A gimbal can keep your camera level and pointed forward, but if it wasn't able to turn with you while you follow a subject, it could be very frustrating.
So most gimbals now have a "follow mode," where it electronically pans and tilts along with you as you turn the gimbal left and right, or want the camera to point up or down.
The speed of the gimbal's follow mode can usually be adjusted in the software, and it's important to consider the speed you want depending on the kind of shooting you want to achieve.
If you're shooting action sports, or walking along with a subject who is turning often, you may want the follow mode to be super responsive. But for most shooting, the ideal speed of the pan and tilt follow is slow, steady, and cinematic.
If your follow mode is too slow, however, you might have issues with the gimbal not panning fast enough while you're turning. In a car, for example, every time the car makes a turn, the gimbal will try to pan along with you toward your new direction. And if it can't keep up with the speed of the car, your camera may hit the far side of the gimbal and you'll lose your shot.
Some gimbals have a mode where the gimbal locks its pan and tilt axis, so the camera maintains its forward direction no matter if you move it up and down like a jib, or turn the gimbal either left or right. This mode is perfect for maintaining a straight shot while walking forward or backward.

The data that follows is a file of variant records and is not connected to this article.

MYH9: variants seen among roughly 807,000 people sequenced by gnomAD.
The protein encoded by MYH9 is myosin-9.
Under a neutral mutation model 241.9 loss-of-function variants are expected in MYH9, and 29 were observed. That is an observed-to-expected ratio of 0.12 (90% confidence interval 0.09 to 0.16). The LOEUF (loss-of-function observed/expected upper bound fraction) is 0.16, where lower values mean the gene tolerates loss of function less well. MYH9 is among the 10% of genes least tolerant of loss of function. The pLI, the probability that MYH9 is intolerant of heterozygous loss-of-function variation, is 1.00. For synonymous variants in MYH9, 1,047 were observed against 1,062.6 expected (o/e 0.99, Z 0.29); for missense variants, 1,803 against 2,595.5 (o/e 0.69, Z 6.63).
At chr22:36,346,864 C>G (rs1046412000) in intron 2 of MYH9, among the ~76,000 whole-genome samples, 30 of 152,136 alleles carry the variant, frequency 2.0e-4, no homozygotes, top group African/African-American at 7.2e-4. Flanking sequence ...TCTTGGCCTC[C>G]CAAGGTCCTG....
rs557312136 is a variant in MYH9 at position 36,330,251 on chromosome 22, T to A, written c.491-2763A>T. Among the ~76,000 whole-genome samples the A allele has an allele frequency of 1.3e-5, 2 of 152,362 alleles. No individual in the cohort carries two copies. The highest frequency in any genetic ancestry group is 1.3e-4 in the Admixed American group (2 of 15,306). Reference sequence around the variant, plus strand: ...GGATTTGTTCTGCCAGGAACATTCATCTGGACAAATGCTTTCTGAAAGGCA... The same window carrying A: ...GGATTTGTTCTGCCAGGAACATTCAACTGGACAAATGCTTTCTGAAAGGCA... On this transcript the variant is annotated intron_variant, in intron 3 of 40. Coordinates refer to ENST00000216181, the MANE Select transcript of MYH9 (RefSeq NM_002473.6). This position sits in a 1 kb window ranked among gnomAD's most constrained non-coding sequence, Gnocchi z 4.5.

The gimbal technology is moving fast, and there are some gimbals now with more powerful motors, which give you the ability to adjust the camera horizon level simply by holding the camera in position for a couple seconds. This is helpful in cars, airplanes and helicopters, or anytime the gimbal loses its horizon and you can't stop the vehicle to reset the gimbal motors. Additionally, the more powerful motors allow you to enable "follow mode" in the roll axis, so your camera can rotate along with you as you make turns, simulating an airplane or a bird's perspective as it makes turns.